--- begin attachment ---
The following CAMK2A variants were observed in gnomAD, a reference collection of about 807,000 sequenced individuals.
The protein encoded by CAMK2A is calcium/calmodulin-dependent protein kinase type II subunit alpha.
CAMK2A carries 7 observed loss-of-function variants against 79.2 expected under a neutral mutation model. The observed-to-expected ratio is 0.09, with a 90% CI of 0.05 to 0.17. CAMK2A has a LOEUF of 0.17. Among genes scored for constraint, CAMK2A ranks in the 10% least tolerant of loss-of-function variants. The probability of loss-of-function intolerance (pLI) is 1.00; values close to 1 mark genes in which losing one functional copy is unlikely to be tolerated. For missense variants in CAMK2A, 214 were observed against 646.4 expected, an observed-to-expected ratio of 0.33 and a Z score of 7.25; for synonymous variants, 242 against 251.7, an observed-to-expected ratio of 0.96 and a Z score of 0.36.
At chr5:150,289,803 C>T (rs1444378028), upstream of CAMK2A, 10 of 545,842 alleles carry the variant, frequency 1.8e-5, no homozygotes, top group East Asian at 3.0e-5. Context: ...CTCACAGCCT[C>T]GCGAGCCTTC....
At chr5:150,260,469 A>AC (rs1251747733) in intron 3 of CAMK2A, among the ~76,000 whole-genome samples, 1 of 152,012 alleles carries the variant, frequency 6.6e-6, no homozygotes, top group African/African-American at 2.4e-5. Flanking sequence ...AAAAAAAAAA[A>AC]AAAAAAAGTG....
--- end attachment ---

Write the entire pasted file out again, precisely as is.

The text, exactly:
The following CAMK2A variants were observed in gnomAD, a reference collection of about 807,000 sequenced individuals.
The protein encoded by CAMK2A is calcium/calmodulin-dependent protein kinase type II subunit alpha.
CAMK2A carries 7 observed loss-of-function variants against 79.2 expected under a neutral mutation model. The observed-to-expected ratio is 0.09, with a 90% CI of 0.05 to 0.17. CAMK2A has a LOEUF of 0.17. Among genes scored for constraint, CAMK2A ranks in the 10% least tolerant of loss-of-function variants. The probability of loss-of-function intolerance (pLI) is 1.00; values close to 1 mark genes in which losing one functional copy is unlikely to be tolerated. For missense variants in CAMK2A, 214 were observed against 646.4 expected, an observed-to-expected ratio of 0.33 and a Z score of 7.25; for synonymous variants, 242 against 251.7, an observed-to-expected ratio of 0.96 and a Z score of 0.36.
At chr5:150,289,803 C>T (rs1444378028), upstream of CAMK2A, 10 of 545,842 alleles carry the variant, frequency 1.8e-5, no homozygotes, top group East Asian at 3.0e-5. Context: ...CTCACAGCCT[C>T]GCGAGCCTTC....
At chr5:150,260,469 A>AC (rs1251747733) in intron 3 of CAMK2A, among the ~76,000 whole-genome samples, 1 of 152,012 alleles carries the variant, frequency 6.6e-6, no homozygotes, top group African/African-American at 2.4e-5. Flanking sequence ...AAAAAAAAAA[A>AC]AAAAAAAGTG....